5 July 2014 Page 5 New Additions to the Board of Directors The AAM Annual Meeting was held on April 26, 2014, at 8:30 a.m. at the JW Marriott in Atlanta, Georgia. The following board members were elected and we welcome them to the board of directors. Two new board members were selected to three year terms: Jeff Kilgore has been an AAM member since 1999 and resides and practices in Galveston, TX with the firm of Kilgore Mediation. President s Award Presented to William Bill Lemons Each year the outgoing President of AAM is given the option of a personal privilege to bestow a special President s Award to an individual who has demonstrated outstanding service to the Association of Attorney-Mediators. For the year the award is presented to William Bill Lemons of San Antonio, the Immediate Past-President of the Association for his continuing dedication to AAM, not only through his diligence in working on Texas legislative matters, but for his creation and implementation of the plan to keep legislation Francis Hank Raucci has been an AAM member since 1996 and resides and practices in Helena, MT with the firm of Gough, Shanahan, Johnson & Waterman. and training separate within the organizations and keeping those components competition free. The expectation one has when they retain an attorney mediator is that this individual will be a neutral, but bring knowledge of the law to the process. AAM s annual meeting provided valuable information to navigate the process doing just that; resolving disputes and having confidence that the agreements are final and legally sound.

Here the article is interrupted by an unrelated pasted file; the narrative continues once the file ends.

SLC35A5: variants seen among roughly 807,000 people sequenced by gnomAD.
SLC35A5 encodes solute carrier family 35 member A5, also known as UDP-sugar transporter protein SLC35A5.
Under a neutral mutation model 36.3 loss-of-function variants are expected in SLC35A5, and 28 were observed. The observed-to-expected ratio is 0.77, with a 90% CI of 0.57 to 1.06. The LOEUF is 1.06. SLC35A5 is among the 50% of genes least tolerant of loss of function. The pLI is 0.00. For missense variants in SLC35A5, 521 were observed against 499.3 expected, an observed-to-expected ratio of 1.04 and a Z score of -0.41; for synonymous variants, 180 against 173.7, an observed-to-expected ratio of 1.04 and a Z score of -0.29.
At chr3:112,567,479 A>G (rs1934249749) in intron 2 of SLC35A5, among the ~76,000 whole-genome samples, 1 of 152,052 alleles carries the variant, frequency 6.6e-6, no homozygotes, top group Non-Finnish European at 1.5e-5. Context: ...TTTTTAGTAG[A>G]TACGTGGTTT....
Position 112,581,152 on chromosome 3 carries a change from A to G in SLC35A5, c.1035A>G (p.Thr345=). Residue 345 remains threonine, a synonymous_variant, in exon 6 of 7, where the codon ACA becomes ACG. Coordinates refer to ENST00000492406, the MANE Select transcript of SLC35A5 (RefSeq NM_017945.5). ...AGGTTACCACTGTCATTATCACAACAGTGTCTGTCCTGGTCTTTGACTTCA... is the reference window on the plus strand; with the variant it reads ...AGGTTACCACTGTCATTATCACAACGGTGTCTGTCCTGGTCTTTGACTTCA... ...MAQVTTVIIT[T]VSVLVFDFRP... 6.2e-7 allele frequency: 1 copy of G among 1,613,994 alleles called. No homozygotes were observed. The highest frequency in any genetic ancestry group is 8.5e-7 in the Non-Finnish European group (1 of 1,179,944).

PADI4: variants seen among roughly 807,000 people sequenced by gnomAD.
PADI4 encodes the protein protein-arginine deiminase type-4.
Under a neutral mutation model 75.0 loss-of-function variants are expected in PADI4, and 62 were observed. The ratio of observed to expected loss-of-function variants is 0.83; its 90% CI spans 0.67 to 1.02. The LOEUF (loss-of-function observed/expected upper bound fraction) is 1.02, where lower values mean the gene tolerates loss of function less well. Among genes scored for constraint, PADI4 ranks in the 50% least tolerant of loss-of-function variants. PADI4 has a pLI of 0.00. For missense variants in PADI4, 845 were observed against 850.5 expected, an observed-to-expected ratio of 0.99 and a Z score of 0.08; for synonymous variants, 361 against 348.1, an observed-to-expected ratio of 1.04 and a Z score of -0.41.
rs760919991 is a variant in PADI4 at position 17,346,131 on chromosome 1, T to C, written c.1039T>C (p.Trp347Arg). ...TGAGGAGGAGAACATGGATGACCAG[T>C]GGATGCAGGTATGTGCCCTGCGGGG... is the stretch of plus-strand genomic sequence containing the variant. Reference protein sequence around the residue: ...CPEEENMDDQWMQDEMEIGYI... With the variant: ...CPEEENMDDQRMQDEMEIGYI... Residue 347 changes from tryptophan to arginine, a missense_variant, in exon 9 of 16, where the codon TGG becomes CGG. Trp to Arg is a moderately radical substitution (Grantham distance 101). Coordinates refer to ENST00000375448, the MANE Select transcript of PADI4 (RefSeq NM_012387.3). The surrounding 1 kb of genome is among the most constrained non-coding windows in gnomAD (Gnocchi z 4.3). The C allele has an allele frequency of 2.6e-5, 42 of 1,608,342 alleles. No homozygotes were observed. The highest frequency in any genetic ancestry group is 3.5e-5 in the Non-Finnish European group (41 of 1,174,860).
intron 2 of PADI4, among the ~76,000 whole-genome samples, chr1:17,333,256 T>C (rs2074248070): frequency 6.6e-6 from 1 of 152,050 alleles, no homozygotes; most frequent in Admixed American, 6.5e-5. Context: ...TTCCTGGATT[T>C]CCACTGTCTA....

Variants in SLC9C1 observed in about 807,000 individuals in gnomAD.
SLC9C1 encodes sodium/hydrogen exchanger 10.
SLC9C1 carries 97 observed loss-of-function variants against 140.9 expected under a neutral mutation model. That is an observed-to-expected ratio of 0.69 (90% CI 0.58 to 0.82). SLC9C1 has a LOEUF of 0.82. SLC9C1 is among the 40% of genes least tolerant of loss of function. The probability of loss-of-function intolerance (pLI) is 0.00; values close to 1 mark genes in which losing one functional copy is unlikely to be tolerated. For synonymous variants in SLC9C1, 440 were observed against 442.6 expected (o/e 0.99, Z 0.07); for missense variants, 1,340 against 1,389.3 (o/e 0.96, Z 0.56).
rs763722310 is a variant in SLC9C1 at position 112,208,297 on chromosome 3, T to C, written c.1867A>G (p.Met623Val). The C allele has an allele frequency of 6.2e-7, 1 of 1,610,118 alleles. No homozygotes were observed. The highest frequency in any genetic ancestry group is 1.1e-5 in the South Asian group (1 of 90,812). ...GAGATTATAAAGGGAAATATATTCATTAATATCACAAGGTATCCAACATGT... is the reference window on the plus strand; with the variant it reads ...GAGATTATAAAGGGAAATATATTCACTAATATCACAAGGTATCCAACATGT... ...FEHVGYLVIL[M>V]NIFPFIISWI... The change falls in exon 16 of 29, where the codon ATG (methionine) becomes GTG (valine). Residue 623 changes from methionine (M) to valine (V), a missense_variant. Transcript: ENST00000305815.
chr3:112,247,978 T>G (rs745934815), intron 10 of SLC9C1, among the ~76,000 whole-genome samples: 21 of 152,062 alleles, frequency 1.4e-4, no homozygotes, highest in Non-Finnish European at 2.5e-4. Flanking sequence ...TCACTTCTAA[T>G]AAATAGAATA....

6 July 2014 Page 6 April in Atlanta was the perfect weather! Atlanta provided easy transportation, a wonderful hotel facility, (the JW Marriott, that by far exceeded the norm for customer service), dinner of steak and grilled salmon at Shula s 347 Grill within a short easy walk, wonderful banquet food at the training (!!) and best of all, being together with our AAM colleagues! Georgia and the Annual Meeting 2014 will surely be on our minds for some time. The conference was themed to be a walk through a mediation from beginning to end, with many tips and pointers along the way. Mission accomplished as many attendees indicated they walked away with tips for practices they were not aware of. Many seasoned mediators also commented that they got at least one tip that Georgia On Our Minds made the conference worthwhile. Post conference s indicate that others used those tips as soon after the conference as the first business day following the training! A very successful conference with awesome reviews and a chance to meet mediators from Alabama, Kentucky, Nebraska, Washington, and to put faces with the names of some of the members that attended an AAM conference for the first time. Our awesome facilitator for the day, Ross Stoddard, Irving, TX, kept the energy level up, the questions coming, and the topics alive! Ross was recognized for his skills, talents, and giving nature with an award created especially for him, the Energizer Award with a small replica of the Energizer Bunny attached. Our day began with special guest speaker, Phil Armstrong, of Atlanta, Georgia. Formerly in-house at Georgia Pacific, Phil was actively involved in the most comprehensive survey of mediation users ever undertaken by the ABA. He shared the insights of this survey with the group and we enjoyed hearing the results. We are truly appreciative for those that shared their wisdom and candor on the subjects throughout the day: Jeff Abrams, Houston, TX, Dave Meyer, Westmont, IL, Courtenay Bass, Dallas, TX, Suzanne Duvall, Dallas, TX, John Rothman, Tulsa, OK, Robert Dietz, Orlando, FL, Raymond Hunter, Gulfport, MS, Jeff Kilgore, Galveston, TX, Debra Leo, Birmingham, AL, Hal Gray, Atlanta, GA, Dean Kilgore, Austin, TX. AAM s ever popular and sure to return Marketing Segment was facilitated by Trey Bergman, Houston, TX with guest speaker, Michele Gibson, of Digital Smart Tools, LLC, Atlanta, GA. So glad I attended! Thoughtful We welcome your feedback, suggestions for locations, topic suggestions, and you are always welcome to submit your proposal to be on the faculty! You may send an to AAM at Eighteen early arrivals enjoyed dinner together at Prime Restaurant. It was a fun gathering and a nice way to have a dinner partner! Join us for Dinner With A Group at an upcoming AAM event a great way to start the conference! examination of each stage con irmed with shared experience was powerful!